Reviews :: Book Genre :: Alternate Historical Fiction

Review

Summerland

Summerland

Mr. Rajaniemi has been on my watch list for a while now. Although I missed reading his Jean le Flambeur series (EBR Archive), I did read a collection of his short stories (EBR Review) back in 2015 and LOVED it. Then I didn’t hear from him for a long time. Not even a phone call, you know? 😉 But as soon as I saw this book in our pile, I was all over it. Didn’t want to pass up a read like I expected this one to be.
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Review

Tales of Ruma

Tales of Ruma

RPGs are for nerds.

You know it. I know it. They know it. Erm… well, I guess technically I should say “we” know it, because there ain’t no way I’m gonna skirt the issue on this one: we’re pretty much ALL nerds here at EBR. 🙂 And you know what? I think if more “non-nerdy” people would put their petty pride aside for one freaking minute and let themselves get lost in the imagination, adventure, and sheer brilliance of some of the good RPGs out there, the ranks of the RPGers would quickly swell. Because RPGs aren’t just a story; though indeed they are that. And they’re not just a game; though indeed they are that as well. They’re imagination and spontaneity and characterization in a form that you just can’t find anywhere else.

So don’t let anyone sway you from standing up for the oft-berated RPGs and RPGers alike. For it’s from those very annals that Steven Erikson gave us the Malazan Book of the Fallen. And Misters Abraham and Franck gave us the wide tapestry of The Expanse. And for all of you “non-nerdy” people: is there any way you’re going to nay-say the awesome goodness of Stranger Things?

<<crickets>>

I didn’t think so.
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Review

Outlander

Outlander

Romance isn’t exactly a genre that we here at EBR dip our toes into very often. In point of fact, I just looked up how many reviews of books we have that are labeled as being tagged as “romance”. Want to know how many there were? Two. And one of those, I was tricked into reading. Seeing as how having only one review in a given genre is kind of silly, and having two seems more like an excuse to remove the genre than even one did, I thought I’d add to that total and provide the third review in this oft-forgotten genre here at EBR. I know. I’m too much. You can thank me later for my generosity. No, in all seriousness I also kind of wanted to review this book because then I could mention the fact that the author of this book is none other than Sam Sykes’s mother, and if you don’t know who Sam Sykes is, then you should watch out for my next review. Until then, there’s this one, and it ain’t too shabby either.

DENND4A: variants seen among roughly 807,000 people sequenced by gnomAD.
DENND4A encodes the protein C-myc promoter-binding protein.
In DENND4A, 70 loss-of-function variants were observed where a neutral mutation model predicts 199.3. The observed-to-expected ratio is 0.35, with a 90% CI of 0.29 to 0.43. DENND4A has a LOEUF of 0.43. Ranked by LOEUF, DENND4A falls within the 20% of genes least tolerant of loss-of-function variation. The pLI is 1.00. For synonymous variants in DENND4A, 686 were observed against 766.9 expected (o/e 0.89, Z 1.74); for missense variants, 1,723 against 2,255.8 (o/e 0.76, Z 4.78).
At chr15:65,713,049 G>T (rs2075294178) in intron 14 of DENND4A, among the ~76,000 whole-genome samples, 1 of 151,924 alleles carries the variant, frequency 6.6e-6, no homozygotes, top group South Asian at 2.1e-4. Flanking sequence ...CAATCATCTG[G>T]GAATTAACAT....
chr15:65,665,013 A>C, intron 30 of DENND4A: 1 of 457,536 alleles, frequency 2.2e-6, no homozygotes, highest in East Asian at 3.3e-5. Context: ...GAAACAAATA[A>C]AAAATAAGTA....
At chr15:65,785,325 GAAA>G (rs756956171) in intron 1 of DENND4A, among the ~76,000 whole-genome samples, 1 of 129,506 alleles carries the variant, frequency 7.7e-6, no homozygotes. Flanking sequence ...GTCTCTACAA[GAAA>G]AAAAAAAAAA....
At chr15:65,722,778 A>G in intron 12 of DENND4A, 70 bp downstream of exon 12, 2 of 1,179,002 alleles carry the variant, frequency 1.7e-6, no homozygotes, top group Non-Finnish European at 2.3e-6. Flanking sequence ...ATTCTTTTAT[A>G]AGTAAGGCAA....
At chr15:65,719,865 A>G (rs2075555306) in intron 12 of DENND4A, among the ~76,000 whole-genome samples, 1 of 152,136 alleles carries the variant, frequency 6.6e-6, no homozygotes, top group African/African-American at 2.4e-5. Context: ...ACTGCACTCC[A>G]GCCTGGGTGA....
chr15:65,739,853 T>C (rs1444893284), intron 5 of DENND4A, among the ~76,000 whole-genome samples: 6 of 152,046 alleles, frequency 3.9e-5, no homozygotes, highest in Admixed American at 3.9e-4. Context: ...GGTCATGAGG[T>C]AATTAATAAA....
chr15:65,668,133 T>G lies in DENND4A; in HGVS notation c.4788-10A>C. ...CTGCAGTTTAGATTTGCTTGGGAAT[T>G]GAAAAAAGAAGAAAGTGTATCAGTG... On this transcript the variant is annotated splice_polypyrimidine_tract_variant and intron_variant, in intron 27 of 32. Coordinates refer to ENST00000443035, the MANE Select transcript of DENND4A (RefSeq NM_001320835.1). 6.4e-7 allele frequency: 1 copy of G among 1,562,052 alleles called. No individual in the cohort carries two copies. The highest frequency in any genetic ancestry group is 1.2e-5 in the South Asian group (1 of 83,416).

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Review

The Liberation

Posted: January 28, 2017 by Writer Dan in Books We Love Meta: Ian Tregillis, Alternate Historical Fiction
The Liberation

Endings are always tough when it comes to book series. For readers, for authors, and quite usually for the characters as well. They’re the showdown, the climax of everything written thus far, the point where we as readers have to say goodbye. For many, the ending is the part of the book, or series, that will determine whether you like or hate it, despite everything that has led you as a reader to the point. I’m more in the camp of “joy in the journey” than “how-does-it-end”. So, a great read that has a decent ending gets higher marks than a ho-hum read with a brilliant ending. It’s really nice though when I don’t have to make that distinction; when I get to read something that was a great series, had a great last book, and a great ending.
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Review

Revisionary

Revisionary

Isaac Vainio, once-librarian and now major player on the world stage, helped reveal magic to the world along with certain Porters and allies. The Porters are an organization of magic-users founded by none other than Johannes Gutenburg himself. Libriomancy, discovered by Gutenburg, is magic using books and “libriomancers” are able to pull things out of books, things that real authors have imagined and in which a certain amount of belief exists from readers, which fuels the magic. These items–weapons and magic cloaks and healing elixirs–and even characters, have a profound effect on the real world, with mixed results and sometimes dire consequences. Jim C. Hines has taken this idea and developed it in a most satisfying way. He often references favorite sci-fi and fantasy classics, even some obscure geek favorites, and also simply makes books up when he needs them. These are some of the best, especially when they parody bad speculative fiction.